• If you want to do photometry, the background needs to be subtracted before pixel colouring is possible. Use a .NEF image that was taken just before or after the fireball as a dark frame by hitting CTRL + D and selecting the file.

Using arbitrary video or image data

This section applies if: a) You are using a video from e.g. a security camera in either a .avi, .mp4, or in a .mov format. b) Or you are using a sequence of images (make sure their names are sorted alphabetically, e.g. frame001.png, frame002.png, etc.). Using just one image works too, then SkyFit2 will run in a special "single-image mode".

You will need to make a custom configuration file and know the absolute time of the first frame.

First, copy the .config file from the RMS source directory to the directory with the video and rename it with the name of the station (we'll use "London" as the station name), e.g. london.config. Then open this file and change the following entries:

stationID: London
latitude:  51.500761 ; WGS84 +N  (degrees) - Use at least 5 decimal places and measure in Google Earth as accurately as possible
longitude:  -0.124585 ; WGS84 +E (degrees)
elevation: 20 ; mean sea level EGM96 geoidal datum, not WGS84 ellipsoidal (meters)


width: 1280 ; Set the video resolution
height: 720
fps: 25.0 ; frames per second


; Approx. horizontal Field-of-view in degrees
fov_w: 87
; Approx. vertical Field-of-view in degrees
fov_h: 45

; Deinterlacing -2 = global shutter, -1 = rolling shutter, 0 = even first, 1 = odd first
deinterlace_order: -1 


star_catalog_file: BSC5 ; This sets a star catalog with bright stars


catalog_mag_limit: 4.0 ; Security cameras usually can't see stars fainter than this, but you can always adjust this later

Then given the absolute UTC time of the first frame in the YYYYMMDD_hhmmss.uuuuuu format (e.g. 20230214_021629.0) and the path to the video file (e.g. /PATH/TO/DATA/DIRECTORY/video.mp4), run:

python -m Utils.SkyFit2 /PATH/TO/DATA/DIRECTORY/video.mp4 --config . --timebeg 20230214_021629.0

If you are using a sequence of images, then give it the path to the directory which contains the images:

python -m Utils.SkyFit2 /PATH/TO/DATA/DIRECTORY/ --config . --timebeg 20230214_021629.0

If you are using just one image, use the command above and SkyFit will ask which image to open (you should have only one in the directory, together with the config file).

Creating a Plate

  • NOTE: When entering hotkey commands in SkyFit2, you must be in the main frame/viewer.

Adjust the levels on the right as required or automatically set them by pressing ctrl+A. Once you are happy, begin to rotate the catalog stars into an approximately correct position using your keyboard. A/D control the azimuth, S/W control the altitude, Q/E control the position angle, and Up/Down controls the scale. Don't worry about getting them exactly, just get them close enough to the image for the program to associate the observed stars with the catalog stars when manually picking.

To enter star picking mode, press ctrl+R. This should bring up an annulus around your reticle, whose size you can control by holding ctrl and scrolling with the mouse wheel. To pick a star, click on the star and the program should automatically snap the point to the centroid. If you are unhappy with its choice, you can force the centroid position by holding ctrl and clicking. The position will appear as an orange cross. Your pick of star will automatically associate with the nearest catalog star (which will be filled with a blue X). If you wish to choose a different catalog star, simply click this again and notice as the blue X switches. To accept a pair, press Enter or Space.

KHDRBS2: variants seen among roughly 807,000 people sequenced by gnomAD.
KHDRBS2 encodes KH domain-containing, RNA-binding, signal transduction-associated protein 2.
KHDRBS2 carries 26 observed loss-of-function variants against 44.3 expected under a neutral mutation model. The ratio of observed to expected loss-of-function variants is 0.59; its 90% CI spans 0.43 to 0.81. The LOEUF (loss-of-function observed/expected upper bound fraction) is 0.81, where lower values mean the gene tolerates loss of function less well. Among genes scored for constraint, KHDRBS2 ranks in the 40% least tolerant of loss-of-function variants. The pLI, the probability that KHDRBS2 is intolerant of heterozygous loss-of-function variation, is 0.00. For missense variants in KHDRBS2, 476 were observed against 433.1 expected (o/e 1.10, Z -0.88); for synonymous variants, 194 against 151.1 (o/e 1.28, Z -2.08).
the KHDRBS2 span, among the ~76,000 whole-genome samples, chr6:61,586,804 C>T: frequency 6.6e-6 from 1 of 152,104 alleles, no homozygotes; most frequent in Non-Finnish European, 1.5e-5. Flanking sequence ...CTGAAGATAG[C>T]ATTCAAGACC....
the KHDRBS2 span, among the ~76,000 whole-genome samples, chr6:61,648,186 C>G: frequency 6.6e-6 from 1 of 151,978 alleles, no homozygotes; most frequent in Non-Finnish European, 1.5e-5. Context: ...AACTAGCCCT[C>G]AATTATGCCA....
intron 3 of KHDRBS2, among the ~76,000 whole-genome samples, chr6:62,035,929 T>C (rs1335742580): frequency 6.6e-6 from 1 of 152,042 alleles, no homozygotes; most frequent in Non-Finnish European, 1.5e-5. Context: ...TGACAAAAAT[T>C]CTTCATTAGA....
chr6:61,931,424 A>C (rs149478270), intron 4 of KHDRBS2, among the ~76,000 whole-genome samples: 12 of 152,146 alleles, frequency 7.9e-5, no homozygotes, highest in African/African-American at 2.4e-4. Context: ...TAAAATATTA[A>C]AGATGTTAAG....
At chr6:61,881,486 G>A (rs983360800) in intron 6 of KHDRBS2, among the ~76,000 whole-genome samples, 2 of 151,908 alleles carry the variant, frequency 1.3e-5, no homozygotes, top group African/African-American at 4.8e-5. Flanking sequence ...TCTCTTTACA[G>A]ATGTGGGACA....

Once you have a centroided a number of stars (minimum 5 to adjust pointing, 12 to adjust distortion), you can fit the plate by clicking "Fit Parameters">"Fit" on the sidebar or ctrl+Z. The green numbers that appear are the star magnitudes and the white numbers are the magnitude errors. The bars represent the fitting errors (magnitude and direction). This will print a residual table to the console, as well as the average error and FOV.

Under the "Fit Parameters" tab, there are several options to adjust to improve your astrometry. The refraction correction should be checked for all camera. If the camera is older and does not have square pixels, uncheck equal aspect. If you suspect that the lens is not completely flat with the sensor (nearly always), check the asymmetry correction. The older distortion models are the poly3+radial models. It is preferable to use the radial-odd models as they do not require stars in all parts of the field to accurately model the distortion. To see which you should use, begin with the lowest order model and check the astrometry residuals by clicking "Fit Parameters">"Astrometry" or by pressing the L key. If there is structure to the residuals, then increase the order until the structure disappears.

Fixed vignetting should only be enabled for cameras with well-measured vignetting. This is preferable to the modeled vignetting parameter, but unless it has been measured in the lab or under controlled conditions it will worsen the photometry fit. Extinction values also typically vary between 0.6 and 1.0 and should be measured on a per-camera basis. Both of these effects increase with distance from the center of the lens, as can be seen by clicking "Fit Parameters">"Photometry" or by pressing the P key. Adjust the extinction until it follows the downward curved line.

After creating a plate, it can be useful to remove high residual error stars. You can filter stars by adjusting "Settings">"Filter Mag Err". Manual add and remove stars until you obtain a fit you are satisfied with. You can check the RMSD to get an idea of how good the fit is.